You can use IRC to remind you to do anything. Now that you have a directory that your IRC bot reads, you can use one of Linux’s best kept secrets: the at command. The at command allows you to schedule one-time jobs to be run in the future — a non-reoccurring cronjob. The real win with using at is its time syntax. Here’s a few examples from the man page:
- to run a job at 4pm three days from now, you would do at 4pm + 3 day
- to run a job at 10:00am on July 31, you would do at 10am Jul 31
- to run a job at 1am tomorrow, you would do at 1am tomorrow.
You can use this to run any command or script at a given time. This makes the at command perfect for usage over IRC — we just need to drop a file with the reminder in the /say directory at the given time. It’s easy to wrap some of this syntax to give the reminder command a human-like syntax.
I went with the following syntax, best expressed with a summarized version of the regular expression used to parse it:
^(remind|pm) (me|us|everyone) (at|in|on) (.*?) to (.*)$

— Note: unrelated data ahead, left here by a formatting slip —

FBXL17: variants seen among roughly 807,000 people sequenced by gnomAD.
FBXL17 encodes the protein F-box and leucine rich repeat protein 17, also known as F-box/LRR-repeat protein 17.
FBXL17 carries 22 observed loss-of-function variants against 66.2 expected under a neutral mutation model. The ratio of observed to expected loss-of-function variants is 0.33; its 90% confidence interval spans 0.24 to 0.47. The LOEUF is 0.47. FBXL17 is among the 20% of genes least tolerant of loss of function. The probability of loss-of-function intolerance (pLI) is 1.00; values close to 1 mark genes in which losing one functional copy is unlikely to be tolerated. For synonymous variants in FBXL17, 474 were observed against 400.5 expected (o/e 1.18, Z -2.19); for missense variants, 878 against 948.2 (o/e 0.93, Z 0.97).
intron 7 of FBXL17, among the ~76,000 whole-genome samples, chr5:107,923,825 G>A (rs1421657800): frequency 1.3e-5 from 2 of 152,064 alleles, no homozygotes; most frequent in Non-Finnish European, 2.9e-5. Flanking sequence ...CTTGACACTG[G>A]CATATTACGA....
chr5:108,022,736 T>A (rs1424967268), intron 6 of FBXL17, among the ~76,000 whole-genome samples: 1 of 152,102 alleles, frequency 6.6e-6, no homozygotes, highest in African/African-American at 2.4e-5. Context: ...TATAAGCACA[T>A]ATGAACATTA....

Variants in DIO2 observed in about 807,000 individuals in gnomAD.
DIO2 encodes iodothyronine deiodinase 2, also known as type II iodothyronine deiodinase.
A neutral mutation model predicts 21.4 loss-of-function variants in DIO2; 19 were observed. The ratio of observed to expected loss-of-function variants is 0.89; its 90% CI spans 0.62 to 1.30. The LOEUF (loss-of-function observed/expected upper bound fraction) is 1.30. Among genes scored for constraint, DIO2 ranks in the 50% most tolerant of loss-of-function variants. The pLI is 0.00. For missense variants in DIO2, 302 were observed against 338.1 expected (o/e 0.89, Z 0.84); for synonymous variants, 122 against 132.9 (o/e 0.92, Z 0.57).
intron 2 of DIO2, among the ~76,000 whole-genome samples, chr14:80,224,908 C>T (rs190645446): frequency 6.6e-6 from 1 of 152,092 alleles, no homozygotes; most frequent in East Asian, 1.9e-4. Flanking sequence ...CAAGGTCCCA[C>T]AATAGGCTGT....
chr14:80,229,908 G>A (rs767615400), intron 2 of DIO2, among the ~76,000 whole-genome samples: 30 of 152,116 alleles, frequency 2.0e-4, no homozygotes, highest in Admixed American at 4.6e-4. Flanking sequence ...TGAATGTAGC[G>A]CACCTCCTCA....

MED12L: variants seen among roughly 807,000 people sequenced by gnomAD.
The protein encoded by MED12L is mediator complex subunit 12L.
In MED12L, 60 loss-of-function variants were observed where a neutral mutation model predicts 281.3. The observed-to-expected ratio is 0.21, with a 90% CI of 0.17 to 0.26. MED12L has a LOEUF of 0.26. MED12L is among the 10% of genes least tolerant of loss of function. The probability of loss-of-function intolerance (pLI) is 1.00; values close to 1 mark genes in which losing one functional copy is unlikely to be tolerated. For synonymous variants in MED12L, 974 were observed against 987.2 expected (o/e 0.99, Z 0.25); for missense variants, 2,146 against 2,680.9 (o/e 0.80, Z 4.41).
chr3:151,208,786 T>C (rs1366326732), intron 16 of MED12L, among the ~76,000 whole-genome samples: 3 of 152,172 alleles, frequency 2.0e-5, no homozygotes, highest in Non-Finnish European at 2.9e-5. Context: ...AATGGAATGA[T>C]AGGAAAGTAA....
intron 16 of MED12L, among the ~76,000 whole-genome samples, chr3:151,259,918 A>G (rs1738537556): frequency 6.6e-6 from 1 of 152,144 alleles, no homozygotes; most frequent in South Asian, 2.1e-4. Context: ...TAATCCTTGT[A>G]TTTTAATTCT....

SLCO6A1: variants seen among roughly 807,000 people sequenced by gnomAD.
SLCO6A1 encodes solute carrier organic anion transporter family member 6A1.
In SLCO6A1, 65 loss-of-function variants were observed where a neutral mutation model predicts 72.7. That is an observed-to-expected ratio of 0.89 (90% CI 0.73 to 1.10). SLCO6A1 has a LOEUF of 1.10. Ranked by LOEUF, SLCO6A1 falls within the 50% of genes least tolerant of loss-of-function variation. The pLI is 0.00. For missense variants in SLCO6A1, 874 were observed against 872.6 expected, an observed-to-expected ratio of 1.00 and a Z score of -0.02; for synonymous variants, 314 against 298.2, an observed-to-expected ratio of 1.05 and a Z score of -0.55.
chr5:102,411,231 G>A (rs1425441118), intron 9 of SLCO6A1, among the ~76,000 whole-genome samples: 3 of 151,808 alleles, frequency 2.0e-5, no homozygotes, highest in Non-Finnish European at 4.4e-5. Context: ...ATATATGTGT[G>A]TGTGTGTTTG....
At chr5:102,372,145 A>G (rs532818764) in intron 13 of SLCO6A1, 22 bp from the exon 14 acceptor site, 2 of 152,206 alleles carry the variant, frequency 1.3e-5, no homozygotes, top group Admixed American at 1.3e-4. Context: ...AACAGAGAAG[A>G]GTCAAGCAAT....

You might say the following things in the IRC channel to the bot:
- remind me in 5 minutes to check the dryer
- pm me at 10pm to remember to charge my cell phone
- remind everyone on august 1s to enjoy the weather
These commands all get sent to at. Behind the scenes, the bot does the following:
- creates a file under /var/tmp with the contents of the reminder. The filename follows the format mentioned in the Mixing the Command-Line and IRC post, and sets the unique identifier to a hash of the submitter’s nick and current timestamp.
- the at command is instructed to move the file from /var/tmp/ to the ~/say directory at the requested time
- at the requested time, at moves the file and the bot picks it up and prints it to the channel.
There’s only a small amount of additional wrapping needed to make the interaction fluid. The biggest abstraction is in the difference between the “remind me at/on” and “remind me in” commands. “remind me at/on” passes the date straight through to the at command, where “in” prepends “now +” to the request. That’s it!
The channel has been using the reminder feature more and more. It’s nice to set a reminder with a long article you’d like to read, or set a reminder in 2 weeks to write a blog post for the DeadCoderSociety. Socializing reminders is a great way to increase community interaction and raise awareness for interesting information that might otherwise end up on a sticky note in a pocket somewhere.
The other Friday I was talking about payday and one guy had added a reminder to “GET PAID” for the next set of pairs of weeks. We ended up adding this on the command-line:
for i in `seq 12 2 50`; do echo 'echo "GET PAID" > /srv/git/neilforobot/say/#dcs@paid' | at now + $i weeks ; done
At makes setting these types of reminders up easy!